Twitter will allow direct purchasing on its site with the 'Buy' button
Twitter will allow direct purchasing on its site with the 'Buy' button

Twitter launches 'buy' button for US tests ahead of expected worldwide roll-out

Social media giant will allow users to purchase products directly on their site in just a few clicks

Zachary Davies Boren@zdboren
Tuesday 09 September 2014 06:48

Twitter has announced the long-awaited launch of its new “buy” button, allowing users to purchase products directly from their social media feeds.

The function, which marks the first major step in Twitter’s new e-commerce strategy, will be phased in slowly. Though the initiative is launched today, only a small group of brands, artists and charities will feature and it will only be available to a trial group of US users.

“In our test, an entire purchase can be completed in just a few taps,” Twitter said in a blog post. “After tapping the ‘buy’ button, you will get additional product details and be prompted to enter your shipping and payment information. Once that’s entered and confirmed, your order information is sent to the merchant for delivery.”

It describes the “buy” button as “an early step in our building functionality into Twitter to make shopping from mobile devices convenient and easy, hopefully even fun.”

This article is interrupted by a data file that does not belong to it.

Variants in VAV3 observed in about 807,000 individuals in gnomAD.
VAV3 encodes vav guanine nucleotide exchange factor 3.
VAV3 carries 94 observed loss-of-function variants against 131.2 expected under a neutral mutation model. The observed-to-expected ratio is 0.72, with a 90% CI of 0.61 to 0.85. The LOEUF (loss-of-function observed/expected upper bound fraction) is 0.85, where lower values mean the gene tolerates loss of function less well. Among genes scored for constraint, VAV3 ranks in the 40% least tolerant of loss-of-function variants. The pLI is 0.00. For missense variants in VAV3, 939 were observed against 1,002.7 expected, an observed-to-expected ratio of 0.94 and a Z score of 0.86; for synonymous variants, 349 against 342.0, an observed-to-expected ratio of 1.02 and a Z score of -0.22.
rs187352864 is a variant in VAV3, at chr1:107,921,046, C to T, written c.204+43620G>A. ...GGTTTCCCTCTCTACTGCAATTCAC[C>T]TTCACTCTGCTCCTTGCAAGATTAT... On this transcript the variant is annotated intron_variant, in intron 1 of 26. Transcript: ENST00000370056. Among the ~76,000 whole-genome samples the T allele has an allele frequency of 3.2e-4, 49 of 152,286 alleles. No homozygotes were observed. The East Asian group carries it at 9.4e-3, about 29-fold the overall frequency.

A new Twitter e-commerce product has been in the making since the company recruited former Ticketmaster CEO Nathan Hubbard to lead its commerce team.

It then started recruiting other commerce specialists, and mock-ups on the “buy” button were leaked online.

The test is starting out on mobile, though the company plans to integrate it into the desktop version as well.

Twitter is partnering with a handful of companies to develop the concept, including the social shopping company Fancy, digital content seller Gumroad, fan commerce company Musictoday and payments company Stripe.

The first brands to be sold on Twitter will range from music by Pharrell to products from Burberry and the non-profit company RED.

Gumroad CEO Sahil Lavingia told Recode that Twitter has been looking at commerce features for more than a year: “It was more like a when, not if, question for them.”

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